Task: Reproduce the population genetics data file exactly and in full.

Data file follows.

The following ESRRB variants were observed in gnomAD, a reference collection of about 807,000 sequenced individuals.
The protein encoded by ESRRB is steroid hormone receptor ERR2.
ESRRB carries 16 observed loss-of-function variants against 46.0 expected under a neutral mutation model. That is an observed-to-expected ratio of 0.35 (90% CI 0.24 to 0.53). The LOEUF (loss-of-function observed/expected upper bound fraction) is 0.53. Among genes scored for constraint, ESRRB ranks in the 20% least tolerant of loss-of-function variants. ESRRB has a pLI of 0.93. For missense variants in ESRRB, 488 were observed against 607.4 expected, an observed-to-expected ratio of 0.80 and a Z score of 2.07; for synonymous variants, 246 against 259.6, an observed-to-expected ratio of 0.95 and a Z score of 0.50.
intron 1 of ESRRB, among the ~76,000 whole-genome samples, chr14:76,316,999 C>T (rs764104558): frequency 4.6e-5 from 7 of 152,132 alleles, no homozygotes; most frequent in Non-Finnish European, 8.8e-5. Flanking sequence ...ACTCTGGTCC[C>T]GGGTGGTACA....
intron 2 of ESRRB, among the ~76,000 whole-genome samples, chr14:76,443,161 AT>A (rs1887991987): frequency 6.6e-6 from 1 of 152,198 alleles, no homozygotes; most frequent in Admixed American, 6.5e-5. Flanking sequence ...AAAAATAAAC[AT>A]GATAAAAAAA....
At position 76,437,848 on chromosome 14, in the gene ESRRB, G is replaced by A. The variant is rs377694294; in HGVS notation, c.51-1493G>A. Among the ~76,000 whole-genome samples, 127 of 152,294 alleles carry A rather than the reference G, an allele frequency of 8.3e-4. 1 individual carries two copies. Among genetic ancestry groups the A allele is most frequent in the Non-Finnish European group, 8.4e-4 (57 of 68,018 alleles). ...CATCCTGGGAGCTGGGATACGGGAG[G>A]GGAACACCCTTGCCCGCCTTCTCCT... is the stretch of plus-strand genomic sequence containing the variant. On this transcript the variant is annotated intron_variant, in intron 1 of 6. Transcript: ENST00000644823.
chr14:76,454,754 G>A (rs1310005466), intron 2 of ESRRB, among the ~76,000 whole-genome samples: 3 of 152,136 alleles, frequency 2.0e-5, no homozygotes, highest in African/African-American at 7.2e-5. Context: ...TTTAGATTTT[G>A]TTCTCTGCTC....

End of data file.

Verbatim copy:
The following ESRRB variants were observed in gnomAD, a reference collection of about 807,000 sequenced individuals.
The protein encoded by ESRRB is steroid hormone receptor ERR2.
ESRRB carries 16 observed loss-of-function variants against 46.0 expected under a neutral mutation model. That is an observed-to-expected ratio of 0.35 (90% CI 0.24 to 0.53). The LOEUF (loss-of-function observed/expected upper bound fraction) is 0.53. Among genes scored for constraint, ESRRB ranks in the 20% least tolerant of loss-of-function variants. ESRRB has a pLI of 0.93. For missense variants in ESRRB, 488 were observed against 607.4 expected, an observed-to-expected ratio of 0.80 and a Z score of 2.07; for synonymous variants, 246 against 259.6, an observed-to-expected ratio of 0.95 and a Z score of 0.50.
intron 1 of ESRRB, among the ~76,000 whole-genome samples, chr14:76,316,999 C>T (rs764104558): frequency 4.6e-5 from 7 of 152,132 alleles, no homozygotes; most frequent in Non-Finnish European, 8.8e-5. Flanking sequence ...ACTCTGGTCC[C>T]GGGTGGTACA....
intron 2 of ESRRB, among the ~76,000 whole-genome samples, chr14:76,443,161 AT>A (rs1887991987): frequency 6.6e-6 from 1 of 152,198 alleles, no homozygotes; most frequent in Admixed American, 6.5e-5. Flanking sequence ...AAAAATAAAC[AT>A]GATAAAAAAA....
At position 76,437,848 on chromosome 14, in the gene ESRRB, G is replaced by A. The variant is rs377694294; in HGVS notation, c.51-1493G>A. Among the ~76,000 whole-genome samples, 127 of 152,294 alleles carry A rather than the reference G, an allele frequency of 8.3e-4. 1 individual carries two copies. Among genetic ancestry groups the A allele is most frequent in the Non-Finnish European group, 8.4e-4 (57 of 68,018 alleles). ...CATCCTGGGAGCTGGGATACGGGAG[G>A]GGAACACCCTTGCCCGCCTTCTCCT... is the stretch of plus-strand genomic sequence containing the variant. On this transcript the variant is annotated intron_variant, in intron 1 of 6. Transcript: ENST00000644823.
chr14:76,454,754 G>A (rs1310005466), intron 2 of ESRRB, among the ~76,000 whole-genome samples: 3 of 152,136 alleles, frequency 2.0e-5, no homozygotes, highest in African/African-American at 7.2e-5. Context: ...TTTAGATTTT[G>A]TTCTCTGCTC....